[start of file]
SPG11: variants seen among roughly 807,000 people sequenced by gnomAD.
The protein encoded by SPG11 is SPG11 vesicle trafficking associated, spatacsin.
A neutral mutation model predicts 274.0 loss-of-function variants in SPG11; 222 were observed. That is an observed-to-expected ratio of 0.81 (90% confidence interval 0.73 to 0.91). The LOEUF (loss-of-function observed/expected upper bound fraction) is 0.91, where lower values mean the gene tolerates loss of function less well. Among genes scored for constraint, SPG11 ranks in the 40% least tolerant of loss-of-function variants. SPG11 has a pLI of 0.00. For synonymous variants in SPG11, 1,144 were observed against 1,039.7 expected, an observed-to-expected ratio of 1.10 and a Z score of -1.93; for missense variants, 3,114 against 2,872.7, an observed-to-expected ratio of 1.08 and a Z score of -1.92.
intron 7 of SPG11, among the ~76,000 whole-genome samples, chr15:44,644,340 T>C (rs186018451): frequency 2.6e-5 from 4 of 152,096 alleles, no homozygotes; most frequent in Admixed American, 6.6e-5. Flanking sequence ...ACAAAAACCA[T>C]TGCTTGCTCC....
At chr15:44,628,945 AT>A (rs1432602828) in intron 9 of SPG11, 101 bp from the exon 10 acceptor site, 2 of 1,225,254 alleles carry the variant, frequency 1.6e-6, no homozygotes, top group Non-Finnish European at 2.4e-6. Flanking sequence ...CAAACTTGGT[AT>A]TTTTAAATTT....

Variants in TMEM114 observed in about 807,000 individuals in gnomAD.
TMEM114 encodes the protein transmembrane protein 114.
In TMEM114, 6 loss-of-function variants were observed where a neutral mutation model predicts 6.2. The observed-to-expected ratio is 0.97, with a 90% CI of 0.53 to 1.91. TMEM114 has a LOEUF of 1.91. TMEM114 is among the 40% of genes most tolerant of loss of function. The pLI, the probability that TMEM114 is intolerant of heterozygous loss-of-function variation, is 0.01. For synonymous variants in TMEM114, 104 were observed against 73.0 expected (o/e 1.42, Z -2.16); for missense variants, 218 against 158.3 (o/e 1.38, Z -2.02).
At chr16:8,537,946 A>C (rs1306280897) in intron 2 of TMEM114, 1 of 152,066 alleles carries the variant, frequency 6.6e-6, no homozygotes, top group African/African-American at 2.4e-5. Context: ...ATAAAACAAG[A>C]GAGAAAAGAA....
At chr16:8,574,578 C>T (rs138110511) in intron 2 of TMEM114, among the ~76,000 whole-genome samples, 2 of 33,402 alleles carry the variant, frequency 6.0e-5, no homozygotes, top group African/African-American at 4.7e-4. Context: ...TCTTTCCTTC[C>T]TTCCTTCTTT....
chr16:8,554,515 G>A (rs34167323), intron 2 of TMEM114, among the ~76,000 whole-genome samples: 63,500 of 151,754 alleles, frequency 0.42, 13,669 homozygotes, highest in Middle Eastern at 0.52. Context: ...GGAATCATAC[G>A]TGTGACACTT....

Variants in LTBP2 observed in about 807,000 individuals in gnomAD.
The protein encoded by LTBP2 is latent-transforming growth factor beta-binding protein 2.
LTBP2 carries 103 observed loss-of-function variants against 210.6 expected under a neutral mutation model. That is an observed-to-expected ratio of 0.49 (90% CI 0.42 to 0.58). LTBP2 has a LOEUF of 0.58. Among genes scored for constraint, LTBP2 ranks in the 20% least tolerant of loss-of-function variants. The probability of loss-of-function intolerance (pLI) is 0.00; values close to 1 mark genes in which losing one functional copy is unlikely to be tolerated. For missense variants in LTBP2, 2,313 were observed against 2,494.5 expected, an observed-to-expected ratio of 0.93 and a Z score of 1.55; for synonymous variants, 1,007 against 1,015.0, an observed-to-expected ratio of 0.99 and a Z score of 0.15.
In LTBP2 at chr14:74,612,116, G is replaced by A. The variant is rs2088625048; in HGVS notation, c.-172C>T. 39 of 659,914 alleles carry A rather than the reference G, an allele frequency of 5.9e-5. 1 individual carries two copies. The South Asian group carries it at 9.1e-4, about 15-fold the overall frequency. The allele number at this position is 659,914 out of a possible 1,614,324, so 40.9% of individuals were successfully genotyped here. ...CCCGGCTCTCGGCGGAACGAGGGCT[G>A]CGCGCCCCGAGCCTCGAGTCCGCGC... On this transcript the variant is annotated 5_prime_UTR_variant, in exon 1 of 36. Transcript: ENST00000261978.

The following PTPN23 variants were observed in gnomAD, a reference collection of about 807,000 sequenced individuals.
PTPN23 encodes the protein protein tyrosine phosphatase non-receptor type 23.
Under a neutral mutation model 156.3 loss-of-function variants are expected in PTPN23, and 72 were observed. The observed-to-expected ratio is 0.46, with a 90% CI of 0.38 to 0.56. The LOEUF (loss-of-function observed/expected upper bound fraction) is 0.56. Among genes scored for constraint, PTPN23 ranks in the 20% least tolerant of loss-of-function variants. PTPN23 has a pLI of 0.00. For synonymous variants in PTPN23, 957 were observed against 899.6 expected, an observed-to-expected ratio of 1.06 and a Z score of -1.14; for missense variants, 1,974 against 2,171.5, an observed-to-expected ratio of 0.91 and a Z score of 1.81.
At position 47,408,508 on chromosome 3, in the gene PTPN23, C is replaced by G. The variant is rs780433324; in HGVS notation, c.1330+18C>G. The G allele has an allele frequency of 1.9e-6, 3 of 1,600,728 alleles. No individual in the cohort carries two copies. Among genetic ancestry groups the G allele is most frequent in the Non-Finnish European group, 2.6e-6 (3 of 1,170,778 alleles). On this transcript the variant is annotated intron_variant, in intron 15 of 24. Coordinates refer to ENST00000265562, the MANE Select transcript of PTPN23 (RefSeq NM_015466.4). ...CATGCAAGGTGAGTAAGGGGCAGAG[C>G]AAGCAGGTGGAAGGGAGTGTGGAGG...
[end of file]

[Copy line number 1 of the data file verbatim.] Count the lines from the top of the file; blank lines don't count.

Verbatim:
SPG11: variants seen among roughly 807,000 people sequenced by gnomAD.